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11 Sweet Ways To Tell Your Child They're Going To Be An Older Sibling

Announcing a pregnancy is exciting, but it can also be a little bit daunting if your already have another child at home. Whether your big kid is four or 14, telling them that they'll have a new baby sibling can rock their world. It'll impact their day-to-day lives in a way that can occasionally be difficult for them to process. If you're struggling with how to break the news, there are plenty of ways to tell your child they're going to be an older sibling that will hopefully get them excited about the prospect of a new family member.

Telling a child who thrives on consistency and stability that their world is going to change — and change forever — can be complicated and even nerve-wracking. So being sensitive to their potential feelings can certainly help. Not only that, but focusing on all of the positives that come along with a new sibling — particularly the ones that will last a lifetime — can make them more excited and even help sway uncertain feelings. Still unsure how to approach the subject? Here are 11 ways to tell your child that they're going to be an older sibling, but will still be important to you.


A Book

If your kid loves books, there are many books about being an older sibling that you can purchase to share the news. Bonus points if you read the story with them and answer any questions they may have.


A Shirt

Those "Big Sister" and "Big Brother" shirts are a classic way to tell your kids — and everyone else — that you're expecting. They won't be able to wear them forever, but they're sure to love them.


A Cake

Cafe Mom shared the story of a mom who served her kids a pregnancy announcement cake that featured a plastic stork. It might take the a little while for them to understand what the means, but they'll be doubly happy once they do — cake and a new sibling all in one day.


A Scrapbook

According to Babble, you can share the news by creating a scrapbook about the new baby. Use mementos like your pregnancy test, a sonogram, and the like so that they can start to feel as though they're getting to know their new little sibling before they even meet them.


A Doll

In an interview with, Myisha Driver, the program director at Los Angeles Child Guidance Clinic, said that dolls can help toddlers understand a topic that's kind of confusing for them. Plus, they'll get to bond with them before the baby's born.


A Trip To The Doctor's Office

Babies are a kind of abstract concept before they're born for kids who don't have a lot of experience with them. Take your big kids along to the doctor with you and let them hear the heartbeat or check out an ultrasound as a way to tell them they'll soon be an older sibling, according to Babble. They'll think it's pretty neat.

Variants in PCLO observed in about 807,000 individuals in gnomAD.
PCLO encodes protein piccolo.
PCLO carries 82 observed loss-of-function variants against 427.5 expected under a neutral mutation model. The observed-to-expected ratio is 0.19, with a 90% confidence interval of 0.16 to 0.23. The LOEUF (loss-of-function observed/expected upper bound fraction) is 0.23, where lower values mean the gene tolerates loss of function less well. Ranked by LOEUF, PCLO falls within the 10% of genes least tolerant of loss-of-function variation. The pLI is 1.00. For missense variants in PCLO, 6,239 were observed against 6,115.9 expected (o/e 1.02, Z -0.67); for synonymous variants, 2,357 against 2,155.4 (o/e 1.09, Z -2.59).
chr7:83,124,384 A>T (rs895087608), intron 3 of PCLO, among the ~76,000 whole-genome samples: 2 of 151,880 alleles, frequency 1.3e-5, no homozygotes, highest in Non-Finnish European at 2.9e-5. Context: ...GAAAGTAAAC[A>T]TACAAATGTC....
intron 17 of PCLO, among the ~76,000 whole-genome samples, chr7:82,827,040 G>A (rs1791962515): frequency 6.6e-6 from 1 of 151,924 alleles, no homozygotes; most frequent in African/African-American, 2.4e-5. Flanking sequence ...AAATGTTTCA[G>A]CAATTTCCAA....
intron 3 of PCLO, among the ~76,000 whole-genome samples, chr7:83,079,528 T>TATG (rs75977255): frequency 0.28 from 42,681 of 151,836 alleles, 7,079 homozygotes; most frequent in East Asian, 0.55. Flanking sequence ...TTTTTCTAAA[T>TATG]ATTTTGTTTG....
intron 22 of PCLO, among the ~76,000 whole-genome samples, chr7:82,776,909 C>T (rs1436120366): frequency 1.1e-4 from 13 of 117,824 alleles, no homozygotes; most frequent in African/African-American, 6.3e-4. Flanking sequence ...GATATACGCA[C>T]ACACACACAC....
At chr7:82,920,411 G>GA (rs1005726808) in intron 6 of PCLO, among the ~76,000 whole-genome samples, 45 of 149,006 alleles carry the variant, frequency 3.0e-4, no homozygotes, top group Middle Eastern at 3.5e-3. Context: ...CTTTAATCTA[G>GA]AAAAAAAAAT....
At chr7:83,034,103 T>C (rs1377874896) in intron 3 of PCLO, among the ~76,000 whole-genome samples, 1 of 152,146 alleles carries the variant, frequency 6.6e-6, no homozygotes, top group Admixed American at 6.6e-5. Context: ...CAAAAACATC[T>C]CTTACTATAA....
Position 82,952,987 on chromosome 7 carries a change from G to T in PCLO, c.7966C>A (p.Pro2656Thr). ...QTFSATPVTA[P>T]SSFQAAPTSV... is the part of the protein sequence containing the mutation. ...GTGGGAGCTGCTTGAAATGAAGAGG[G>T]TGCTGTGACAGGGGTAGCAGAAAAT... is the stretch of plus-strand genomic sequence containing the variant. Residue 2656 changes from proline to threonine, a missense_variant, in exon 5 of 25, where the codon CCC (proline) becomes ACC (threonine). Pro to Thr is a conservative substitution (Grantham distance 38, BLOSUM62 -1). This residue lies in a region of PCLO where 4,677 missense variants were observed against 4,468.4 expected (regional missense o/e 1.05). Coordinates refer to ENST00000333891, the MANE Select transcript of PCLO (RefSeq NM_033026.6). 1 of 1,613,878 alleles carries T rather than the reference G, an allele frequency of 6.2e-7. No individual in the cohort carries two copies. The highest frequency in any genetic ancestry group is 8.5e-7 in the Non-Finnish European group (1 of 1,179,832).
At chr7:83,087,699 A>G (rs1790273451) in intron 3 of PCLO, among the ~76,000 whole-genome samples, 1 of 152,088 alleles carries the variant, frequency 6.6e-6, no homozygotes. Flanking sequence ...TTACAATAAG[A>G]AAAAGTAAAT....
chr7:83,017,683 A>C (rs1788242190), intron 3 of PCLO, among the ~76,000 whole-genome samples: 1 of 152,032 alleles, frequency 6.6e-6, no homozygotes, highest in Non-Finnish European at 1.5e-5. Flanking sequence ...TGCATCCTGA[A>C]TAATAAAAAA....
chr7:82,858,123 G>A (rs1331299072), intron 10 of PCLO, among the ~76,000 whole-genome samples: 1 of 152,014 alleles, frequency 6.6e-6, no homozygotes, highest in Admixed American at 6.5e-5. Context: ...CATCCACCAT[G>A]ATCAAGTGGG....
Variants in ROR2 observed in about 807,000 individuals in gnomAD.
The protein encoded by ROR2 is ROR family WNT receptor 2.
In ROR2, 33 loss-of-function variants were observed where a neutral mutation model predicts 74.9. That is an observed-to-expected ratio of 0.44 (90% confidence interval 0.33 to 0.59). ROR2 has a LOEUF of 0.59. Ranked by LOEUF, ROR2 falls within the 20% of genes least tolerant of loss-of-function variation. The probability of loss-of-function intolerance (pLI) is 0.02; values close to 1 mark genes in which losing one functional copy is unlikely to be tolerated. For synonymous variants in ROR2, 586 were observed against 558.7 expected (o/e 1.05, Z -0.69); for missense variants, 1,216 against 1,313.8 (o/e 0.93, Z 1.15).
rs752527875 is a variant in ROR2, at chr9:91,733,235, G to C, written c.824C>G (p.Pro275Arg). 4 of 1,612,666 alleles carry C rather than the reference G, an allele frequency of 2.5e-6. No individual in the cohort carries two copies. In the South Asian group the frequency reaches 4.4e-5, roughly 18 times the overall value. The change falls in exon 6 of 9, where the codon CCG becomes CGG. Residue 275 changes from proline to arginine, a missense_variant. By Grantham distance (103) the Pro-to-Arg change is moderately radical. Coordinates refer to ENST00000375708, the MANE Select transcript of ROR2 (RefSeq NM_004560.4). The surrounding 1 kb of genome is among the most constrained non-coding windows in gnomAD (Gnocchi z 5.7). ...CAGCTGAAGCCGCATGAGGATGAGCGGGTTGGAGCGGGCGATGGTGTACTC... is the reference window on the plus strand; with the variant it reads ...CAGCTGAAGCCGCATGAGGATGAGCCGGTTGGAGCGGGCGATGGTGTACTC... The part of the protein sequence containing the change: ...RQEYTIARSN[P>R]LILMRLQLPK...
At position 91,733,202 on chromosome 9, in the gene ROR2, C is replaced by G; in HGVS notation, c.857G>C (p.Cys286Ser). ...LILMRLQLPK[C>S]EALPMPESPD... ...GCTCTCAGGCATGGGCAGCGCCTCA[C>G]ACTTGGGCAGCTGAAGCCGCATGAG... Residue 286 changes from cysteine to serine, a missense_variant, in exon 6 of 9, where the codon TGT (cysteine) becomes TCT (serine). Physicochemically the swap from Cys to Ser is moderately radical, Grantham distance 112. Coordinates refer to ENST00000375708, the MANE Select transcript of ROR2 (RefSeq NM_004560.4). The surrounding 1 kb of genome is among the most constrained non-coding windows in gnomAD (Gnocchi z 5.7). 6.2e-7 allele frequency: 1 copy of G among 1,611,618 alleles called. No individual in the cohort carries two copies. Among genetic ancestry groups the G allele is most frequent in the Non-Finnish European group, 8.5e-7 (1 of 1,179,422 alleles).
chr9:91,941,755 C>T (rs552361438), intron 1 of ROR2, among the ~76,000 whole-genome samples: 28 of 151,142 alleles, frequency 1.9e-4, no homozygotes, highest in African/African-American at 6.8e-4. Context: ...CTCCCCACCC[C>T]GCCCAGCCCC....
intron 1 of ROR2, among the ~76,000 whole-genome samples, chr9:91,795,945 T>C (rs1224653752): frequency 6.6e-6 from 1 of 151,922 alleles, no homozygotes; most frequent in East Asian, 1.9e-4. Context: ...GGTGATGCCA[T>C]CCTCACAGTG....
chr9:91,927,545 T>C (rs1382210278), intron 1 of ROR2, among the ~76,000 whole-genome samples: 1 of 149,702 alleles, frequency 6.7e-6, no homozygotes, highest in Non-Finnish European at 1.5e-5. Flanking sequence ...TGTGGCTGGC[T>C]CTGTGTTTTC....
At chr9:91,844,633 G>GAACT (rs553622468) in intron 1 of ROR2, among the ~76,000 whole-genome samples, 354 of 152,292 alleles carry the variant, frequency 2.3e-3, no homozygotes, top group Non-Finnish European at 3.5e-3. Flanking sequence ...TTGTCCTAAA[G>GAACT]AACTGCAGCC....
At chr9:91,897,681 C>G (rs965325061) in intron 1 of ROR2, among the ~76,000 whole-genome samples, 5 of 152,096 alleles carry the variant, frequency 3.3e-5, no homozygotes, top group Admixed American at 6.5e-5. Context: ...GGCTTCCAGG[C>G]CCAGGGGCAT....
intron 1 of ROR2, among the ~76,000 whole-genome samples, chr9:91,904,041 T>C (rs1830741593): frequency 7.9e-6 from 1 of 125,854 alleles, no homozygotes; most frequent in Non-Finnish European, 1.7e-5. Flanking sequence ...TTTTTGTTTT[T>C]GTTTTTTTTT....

Your Bump

It's obvious and doesn't take a whole lot of effort, but letting your expanding belly speak for itself can be a simple way to tell your big kids that there will be a new baby in the family soon enough. In the previously-mentioned article from, Driver said that that can help minimize the potential for a needed discussion about miscarriage because your risk will have dropped at that point.


Their Baby Book

If you made a baby book for your older kids, sharing it — especially if they haven't seen it before — can be a fun way to share that there will soon be a new baby in the family. It can also connect an older child with their soon-to-be younger sibling, knowing that they were a baby once too.


A Real-Life Baby

If your older kids have never really met or interacted with a baby before, introducing them to a friend or family member's baby can be a good way to broach the subject of their new little sibling. According to Kids Health, interacting with an infant can encourage excitement and interest in your new baby, as well.


A Redecorated Nursery

Redecorating is a more involved way to share the news, but it also might make it seem more real for kids struggling to understand what that really means. Explaining that this will be the room where the new baby will sleep and play, just like their room is where they sleep and play, can help it all make sense.


A Special Dinner

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Family Share suggested hosting a family dinner with a baby theme. Use baby utensils, sippy cups, and bibs, and serve a baby-themed meal. Your kids might need a clue about what's going on, but a dinner like that would surely be as memorable as the feeling when they hear they're going to be an older sibling.